Don’t Stop: Neophilia, Niche War, Expert Boxes, The Superbody & Networking the Middle Class
New Museum (235 Bowery, Manhattan)
$8 in advance

“Don’t Stop” is a one-night event about the language of the early 1990s.

This series of readings and performances by writers and artists will explore writing in the US from 1992–96, just before the 1996 publication of David Foster Wallace’s Infinite Jest, that brilliant and dystopian summation of a technophilic, drugged North America, in which time itself receives corporate sponsorship. The 1992 election and early Clinton years clearly mark a shift in mood; the ’80s were over, but what exactly did this mean? As the US approached the day in 1996 on which Bill Clinton would proclaim that “even my cat has its own [web] page,” how were audiences for cultural content being formed and informed, by which technologies and which actors?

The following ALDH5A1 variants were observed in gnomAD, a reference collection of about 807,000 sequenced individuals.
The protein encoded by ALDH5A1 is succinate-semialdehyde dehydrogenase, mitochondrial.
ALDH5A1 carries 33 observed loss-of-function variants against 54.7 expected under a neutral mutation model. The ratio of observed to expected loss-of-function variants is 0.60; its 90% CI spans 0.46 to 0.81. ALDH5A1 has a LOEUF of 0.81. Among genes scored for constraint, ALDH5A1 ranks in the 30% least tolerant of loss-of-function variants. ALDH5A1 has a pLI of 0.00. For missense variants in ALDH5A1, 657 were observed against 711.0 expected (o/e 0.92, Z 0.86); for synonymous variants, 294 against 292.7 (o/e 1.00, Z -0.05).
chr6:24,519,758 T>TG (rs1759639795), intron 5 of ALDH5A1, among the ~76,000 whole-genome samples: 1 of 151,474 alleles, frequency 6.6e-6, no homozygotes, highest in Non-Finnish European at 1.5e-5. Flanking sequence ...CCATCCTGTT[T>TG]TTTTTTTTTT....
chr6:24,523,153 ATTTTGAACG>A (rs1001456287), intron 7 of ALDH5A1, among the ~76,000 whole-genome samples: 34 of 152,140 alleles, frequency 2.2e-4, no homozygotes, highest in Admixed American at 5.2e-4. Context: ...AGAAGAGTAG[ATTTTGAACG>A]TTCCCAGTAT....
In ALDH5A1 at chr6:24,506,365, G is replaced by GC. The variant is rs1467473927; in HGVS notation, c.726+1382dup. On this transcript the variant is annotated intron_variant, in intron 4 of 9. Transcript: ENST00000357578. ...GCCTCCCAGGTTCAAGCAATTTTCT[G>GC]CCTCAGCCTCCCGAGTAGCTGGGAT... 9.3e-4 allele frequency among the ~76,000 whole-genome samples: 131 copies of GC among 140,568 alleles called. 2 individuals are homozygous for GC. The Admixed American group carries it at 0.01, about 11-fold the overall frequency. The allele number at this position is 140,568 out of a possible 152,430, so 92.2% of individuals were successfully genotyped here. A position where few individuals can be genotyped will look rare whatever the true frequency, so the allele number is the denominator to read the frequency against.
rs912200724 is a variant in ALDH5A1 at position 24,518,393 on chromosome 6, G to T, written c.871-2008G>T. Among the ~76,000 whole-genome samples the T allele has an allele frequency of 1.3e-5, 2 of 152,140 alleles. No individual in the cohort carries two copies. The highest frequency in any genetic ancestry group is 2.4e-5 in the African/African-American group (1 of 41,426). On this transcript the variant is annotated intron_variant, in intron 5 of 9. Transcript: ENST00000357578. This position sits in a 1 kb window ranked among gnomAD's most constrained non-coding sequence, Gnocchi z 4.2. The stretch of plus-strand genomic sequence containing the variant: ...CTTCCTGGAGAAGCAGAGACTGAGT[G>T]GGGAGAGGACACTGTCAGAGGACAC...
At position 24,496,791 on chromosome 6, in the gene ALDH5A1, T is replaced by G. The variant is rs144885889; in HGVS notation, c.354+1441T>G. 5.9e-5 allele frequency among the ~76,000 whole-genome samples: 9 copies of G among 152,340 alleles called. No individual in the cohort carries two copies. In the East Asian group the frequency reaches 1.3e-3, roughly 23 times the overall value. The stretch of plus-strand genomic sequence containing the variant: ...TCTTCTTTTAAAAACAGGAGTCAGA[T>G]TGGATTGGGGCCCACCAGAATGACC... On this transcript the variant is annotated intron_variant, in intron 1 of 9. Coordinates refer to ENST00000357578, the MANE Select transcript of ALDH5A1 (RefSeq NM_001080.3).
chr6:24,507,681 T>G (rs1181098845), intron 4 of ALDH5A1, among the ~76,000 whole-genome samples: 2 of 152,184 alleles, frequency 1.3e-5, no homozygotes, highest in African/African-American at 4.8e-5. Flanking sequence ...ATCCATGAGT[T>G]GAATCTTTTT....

Participants in “Don’t Stop” select a text, published during the years 1992–96, from which they read or to which they respond with a short text of their own devising. Television and film scripts, song lyrics, found text, and tabloid prose exist alongside classic ’90s novels and poetry.

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